That window is the six-day period during which conception can occur. It consists of the five days before ovulation and the day of ovulation itself.
But the greatest probability of conception results from intercourse one or two days before ovulation, not the day of ovulation as had been thought, says Dr Joseph B. Stanford, co-author of a review of fertility detection methods in the December issue of the journal Obstetrics and Gynecology and an associate professor in the department of family and preventive medicine at the University of Utah in Salt Lake City.
Calendar calculations and basal body temperature aren’t as useful as identifying the approximately five days leading up to ovulation. Urine tests for the surge of luteinising hormone that occurs a day or two before ovulation identify only a small part of the fertile window.
Methods that do reveal the complete window of fertility are those that evaluate changes in vaginal discharge or that assess oestrogen levels in urine or saliva.
The danger of acetaminophen
IT has long been known that too much acetaminophen can cause liver damage, but the alarming extent of the problem has just been documented. A new study has found that overdosing on acetaminophen, the most widely used non-prescription analgesic, was responsible for 39% of 308 cases of acute liver failure.
Most cases of liver toxicity from acetaminophen reported by the Acute Liver Failure Study Group, a consortium of 17 centres specialising in liver diseases in the United States, were accidental and not suicides. Seventy-nine percent of them were women.
“We don’t know if this is because women take more acetaminophen-containing drugs than men do, if women’s livers are more vulnerable, or if it’s because they are smaller,” says Dr William M. Lee, the principal investigator and professor of internal medicine at the University of Texas Southwestern Medical Centre in Dallas.
“We were surprised to find that the number of people with liver damage from acetaminophen was three times that of all other prescription drugs,” Lee says. He cautions people to be careful of how much they take and read the labels of all over-the-counter products taken together.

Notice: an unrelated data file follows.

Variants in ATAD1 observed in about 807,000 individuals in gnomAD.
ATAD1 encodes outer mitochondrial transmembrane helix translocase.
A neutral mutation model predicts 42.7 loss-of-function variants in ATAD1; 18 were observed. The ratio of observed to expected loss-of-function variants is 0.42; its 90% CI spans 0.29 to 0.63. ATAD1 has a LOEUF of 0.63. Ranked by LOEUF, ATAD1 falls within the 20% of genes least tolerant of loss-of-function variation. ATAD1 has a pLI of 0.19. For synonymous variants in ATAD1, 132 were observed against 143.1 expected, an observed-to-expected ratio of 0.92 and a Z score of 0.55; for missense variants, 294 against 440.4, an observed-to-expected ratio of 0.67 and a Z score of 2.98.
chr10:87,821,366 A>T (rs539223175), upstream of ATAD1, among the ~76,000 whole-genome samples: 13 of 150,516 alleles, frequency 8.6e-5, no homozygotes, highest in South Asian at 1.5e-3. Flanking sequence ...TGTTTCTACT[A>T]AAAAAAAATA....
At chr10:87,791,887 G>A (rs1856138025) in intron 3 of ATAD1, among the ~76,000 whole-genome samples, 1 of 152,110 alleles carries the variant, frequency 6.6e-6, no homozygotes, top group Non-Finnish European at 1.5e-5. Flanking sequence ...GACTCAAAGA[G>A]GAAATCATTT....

Mixing acetaminophen-containing medicines for cough, sleep and pain can add up to a dangerous dose. Most people in this study had taken more than 4,000mg of the drug. The study of cases over a 41-month period was reported in the Dec 17 Annals of Internal Medicine.
Earlier this year, a preliminary report of this study’s findings prompted a US Food and Drug Administration committee to advise that over-the-counter products containing acetaminophen – in pain relievers and cough-and-cold remedies – carry a stronger warning label than they currently do.
Mining the potential of selenium
WHETHER you get enough of the essential trace mineral selenium may depend, in part, on where you live. Research suggests that people who live in areas with low soil selenium levels (which affect the amount that gets into plants) have higher rates of some types of cancers.
Selenium contains antioxidants that could help protect the body from free-radical damage. It may also promote better functioning of the immune system and thyroid gland.
The recommended daily allowance for selenium is 55 micrograms, but some health experts think most people don’t get that much. Doses of 100 micrograms daily are recommended for disease prevention.
Doses higher than 400 micrograms per day should be avoided to prevent a toxicity condition called selenosis. Signs of selenosis include depression and nervousness.
Recently, scientists discovered a component of selenium that activates the tumour-suppressing gene, p53. This research might explain why adequate selenium levels might help prevent certain types of cancers. The US federal government is testing selenium for its potential to prevent prostate cancer. Ask your health-care provider for advice on selecting a brand. – LAT-WP